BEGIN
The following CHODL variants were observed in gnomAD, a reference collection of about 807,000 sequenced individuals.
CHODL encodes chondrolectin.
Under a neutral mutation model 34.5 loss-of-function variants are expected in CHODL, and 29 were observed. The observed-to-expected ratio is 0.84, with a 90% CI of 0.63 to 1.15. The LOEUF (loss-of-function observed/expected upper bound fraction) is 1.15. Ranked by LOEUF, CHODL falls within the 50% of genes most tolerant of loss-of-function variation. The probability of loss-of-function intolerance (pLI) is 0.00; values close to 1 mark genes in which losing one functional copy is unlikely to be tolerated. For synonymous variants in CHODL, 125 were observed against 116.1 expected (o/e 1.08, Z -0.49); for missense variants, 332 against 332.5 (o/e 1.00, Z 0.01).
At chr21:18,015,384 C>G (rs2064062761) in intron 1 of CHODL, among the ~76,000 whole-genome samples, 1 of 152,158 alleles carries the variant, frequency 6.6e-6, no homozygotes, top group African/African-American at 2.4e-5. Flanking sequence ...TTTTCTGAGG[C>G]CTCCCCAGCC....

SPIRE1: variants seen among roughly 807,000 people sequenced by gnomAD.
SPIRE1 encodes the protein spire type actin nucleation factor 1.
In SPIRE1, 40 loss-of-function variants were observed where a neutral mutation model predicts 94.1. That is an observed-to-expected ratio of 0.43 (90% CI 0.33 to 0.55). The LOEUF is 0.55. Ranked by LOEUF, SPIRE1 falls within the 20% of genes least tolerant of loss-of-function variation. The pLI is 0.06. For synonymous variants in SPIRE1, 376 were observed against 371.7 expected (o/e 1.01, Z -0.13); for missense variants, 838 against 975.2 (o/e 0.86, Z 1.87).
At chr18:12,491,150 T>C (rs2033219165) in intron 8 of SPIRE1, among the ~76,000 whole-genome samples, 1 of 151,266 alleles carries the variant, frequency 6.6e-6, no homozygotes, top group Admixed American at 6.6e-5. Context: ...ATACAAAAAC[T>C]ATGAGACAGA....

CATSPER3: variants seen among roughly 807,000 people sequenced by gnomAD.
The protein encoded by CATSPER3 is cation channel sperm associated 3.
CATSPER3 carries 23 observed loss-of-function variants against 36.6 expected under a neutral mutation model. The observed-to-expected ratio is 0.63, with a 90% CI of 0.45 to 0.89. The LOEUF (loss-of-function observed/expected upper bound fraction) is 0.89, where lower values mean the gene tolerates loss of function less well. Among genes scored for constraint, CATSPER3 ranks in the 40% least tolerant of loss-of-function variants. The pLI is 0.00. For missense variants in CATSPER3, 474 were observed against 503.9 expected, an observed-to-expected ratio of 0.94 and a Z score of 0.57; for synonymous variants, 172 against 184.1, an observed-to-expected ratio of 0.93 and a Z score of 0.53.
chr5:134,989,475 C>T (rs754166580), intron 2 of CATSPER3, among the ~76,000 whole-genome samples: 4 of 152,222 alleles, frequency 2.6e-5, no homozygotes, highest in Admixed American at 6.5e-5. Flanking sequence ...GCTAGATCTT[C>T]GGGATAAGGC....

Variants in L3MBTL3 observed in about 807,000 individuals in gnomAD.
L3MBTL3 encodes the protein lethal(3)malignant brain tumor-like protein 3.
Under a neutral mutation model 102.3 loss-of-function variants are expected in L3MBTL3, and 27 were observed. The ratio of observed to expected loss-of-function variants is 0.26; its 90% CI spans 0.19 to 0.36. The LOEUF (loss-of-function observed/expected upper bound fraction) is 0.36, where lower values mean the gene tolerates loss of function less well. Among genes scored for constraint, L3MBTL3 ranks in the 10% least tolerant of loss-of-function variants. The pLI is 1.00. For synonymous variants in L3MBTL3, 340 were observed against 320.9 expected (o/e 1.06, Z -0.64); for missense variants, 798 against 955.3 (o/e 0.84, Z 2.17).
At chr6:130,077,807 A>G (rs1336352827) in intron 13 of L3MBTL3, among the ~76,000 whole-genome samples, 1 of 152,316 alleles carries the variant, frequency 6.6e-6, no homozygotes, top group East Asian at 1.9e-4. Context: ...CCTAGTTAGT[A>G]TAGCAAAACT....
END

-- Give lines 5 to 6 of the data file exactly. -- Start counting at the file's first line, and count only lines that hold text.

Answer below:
SPIRE1: variants seen among roughly 807,000 people sequenced by gnomAD.
SPIRE1 encodes the protein spire type actin nucleation factor 1.